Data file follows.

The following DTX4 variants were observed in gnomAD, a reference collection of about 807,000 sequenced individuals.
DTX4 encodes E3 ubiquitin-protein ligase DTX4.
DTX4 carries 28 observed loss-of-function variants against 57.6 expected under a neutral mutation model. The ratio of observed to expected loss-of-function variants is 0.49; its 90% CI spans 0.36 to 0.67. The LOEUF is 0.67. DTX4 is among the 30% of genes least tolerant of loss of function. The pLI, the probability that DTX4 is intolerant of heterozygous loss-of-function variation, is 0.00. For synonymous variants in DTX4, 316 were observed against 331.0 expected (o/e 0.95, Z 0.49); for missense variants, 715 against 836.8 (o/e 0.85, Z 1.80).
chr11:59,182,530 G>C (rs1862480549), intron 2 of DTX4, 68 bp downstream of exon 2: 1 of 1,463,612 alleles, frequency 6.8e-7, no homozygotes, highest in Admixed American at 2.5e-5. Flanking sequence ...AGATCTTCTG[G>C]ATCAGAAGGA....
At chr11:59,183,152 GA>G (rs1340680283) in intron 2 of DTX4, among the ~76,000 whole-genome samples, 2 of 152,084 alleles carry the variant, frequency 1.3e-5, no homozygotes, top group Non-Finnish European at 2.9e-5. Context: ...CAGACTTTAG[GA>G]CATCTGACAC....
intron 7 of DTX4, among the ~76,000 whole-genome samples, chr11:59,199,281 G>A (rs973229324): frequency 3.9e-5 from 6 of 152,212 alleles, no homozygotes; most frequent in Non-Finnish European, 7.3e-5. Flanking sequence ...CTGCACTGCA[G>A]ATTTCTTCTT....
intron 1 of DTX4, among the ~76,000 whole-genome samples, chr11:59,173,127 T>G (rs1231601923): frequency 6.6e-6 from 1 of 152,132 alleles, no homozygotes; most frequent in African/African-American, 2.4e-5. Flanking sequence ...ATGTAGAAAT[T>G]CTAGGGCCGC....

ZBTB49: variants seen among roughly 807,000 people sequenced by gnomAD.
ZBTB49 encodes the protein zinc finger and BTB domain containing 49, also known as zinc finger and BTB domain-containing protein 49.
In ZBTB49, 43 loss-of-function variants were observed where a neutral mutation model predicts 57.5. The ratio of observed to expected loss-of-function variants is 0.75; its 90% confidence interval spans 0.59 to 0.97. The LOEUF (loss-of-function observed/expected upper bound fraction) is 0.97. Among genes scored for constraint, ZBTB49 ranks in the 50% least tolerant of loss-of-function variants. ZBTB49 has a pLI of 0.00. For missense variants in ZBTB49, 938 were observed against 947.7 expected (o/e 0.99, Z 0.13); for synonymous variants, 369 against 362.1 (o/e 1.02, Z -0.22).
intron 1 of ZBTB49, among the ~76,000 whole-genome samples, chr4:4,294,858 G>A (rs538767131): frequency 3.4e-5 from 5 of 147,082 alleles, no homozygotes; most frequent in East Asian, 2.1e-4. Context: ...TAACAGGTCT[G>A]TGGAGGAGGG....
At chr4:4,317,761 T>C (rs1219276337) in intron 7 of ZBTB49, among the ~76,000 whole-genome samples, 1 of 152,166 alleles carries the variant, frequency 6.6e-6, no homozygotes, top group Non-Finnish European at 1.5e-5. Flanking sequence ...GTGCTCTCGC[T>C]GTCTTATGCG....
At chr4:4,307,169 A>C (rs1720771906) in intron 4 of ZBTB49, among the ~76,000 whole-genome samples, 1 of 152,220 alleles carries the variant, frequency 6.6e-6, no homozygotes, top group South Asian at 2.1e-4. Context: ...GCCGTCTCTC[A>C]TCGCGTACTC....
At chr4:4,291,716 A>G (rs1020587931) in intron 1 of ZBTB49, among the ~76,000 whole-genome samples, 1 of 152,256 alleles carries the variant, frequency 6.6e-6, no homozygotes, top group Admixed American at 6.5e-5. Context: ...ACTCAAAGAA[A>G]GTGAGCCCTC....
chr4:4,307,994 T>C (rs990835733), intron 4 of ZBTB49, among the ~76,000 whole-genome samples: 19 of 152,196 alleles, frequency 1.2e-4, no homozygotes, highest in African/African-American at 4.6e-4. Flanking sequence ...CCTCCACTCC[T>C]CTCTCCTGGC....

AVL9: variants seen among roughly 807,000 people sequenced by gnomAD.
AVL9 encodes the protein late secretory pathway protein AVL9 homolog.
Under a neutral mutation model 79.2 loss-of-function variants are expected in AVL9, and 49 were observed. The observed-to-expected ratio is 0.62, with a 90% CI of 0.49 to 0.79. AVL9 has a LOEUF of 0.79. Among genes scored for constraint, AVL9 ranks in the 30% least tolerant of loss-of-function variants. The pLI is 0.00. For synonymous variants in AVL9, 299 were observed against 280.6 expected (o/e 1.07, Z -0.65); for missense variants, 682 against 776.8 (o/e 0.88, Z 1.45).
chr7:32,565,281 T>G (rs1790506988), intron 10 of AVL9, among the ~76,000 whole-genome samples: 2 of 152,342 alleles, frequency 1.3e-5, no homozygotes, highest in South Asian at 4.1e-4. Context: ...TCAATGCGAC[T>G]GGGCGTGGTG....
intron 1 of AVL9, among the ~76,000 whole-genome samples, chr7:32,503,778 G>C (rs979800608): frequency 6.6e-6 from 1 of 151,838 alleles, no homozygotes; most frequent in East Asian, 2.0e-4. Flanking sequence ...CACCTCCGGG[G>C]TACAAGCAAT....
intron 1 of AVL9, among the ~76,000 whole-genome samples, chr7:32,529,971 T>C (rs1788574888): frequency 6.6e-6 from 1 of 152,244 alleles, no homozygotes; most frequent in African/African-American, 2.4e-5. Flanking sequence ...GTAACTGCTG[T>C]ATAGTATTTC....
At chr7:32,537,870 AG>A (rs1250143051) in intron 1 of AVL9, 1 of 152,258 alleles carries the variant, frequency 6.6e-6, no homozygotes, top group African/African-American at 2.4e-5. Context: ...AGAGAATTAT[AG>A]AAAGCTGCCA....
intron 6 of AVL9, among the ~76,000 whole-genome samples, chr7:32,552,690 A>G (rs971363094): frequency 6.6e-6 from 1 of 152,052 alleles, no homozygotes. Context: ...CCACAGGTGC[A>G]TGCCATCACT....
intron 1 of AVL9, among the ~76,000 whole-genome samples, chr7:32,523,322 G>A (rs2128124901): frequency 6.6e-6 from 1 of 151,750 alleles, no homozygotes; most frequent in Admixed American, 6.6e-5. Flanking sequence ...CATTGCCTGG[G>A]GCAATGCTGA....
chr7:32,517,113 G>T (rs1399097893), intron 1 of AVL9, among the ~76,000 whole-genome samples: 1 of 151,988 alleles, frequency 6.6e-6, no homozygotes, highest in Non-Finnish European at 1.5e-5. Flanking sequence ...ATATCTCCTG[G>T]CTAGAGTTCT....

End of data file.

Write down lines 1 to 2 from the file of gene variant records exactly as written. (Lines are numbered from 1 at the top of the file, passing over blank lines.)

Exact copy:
The following DTX4 variants were observed in gnomAD, a reference collection of about 807,000 sequenced individuals.
DTX4 encodes E3 ubiquitin-protein ligase DTX4.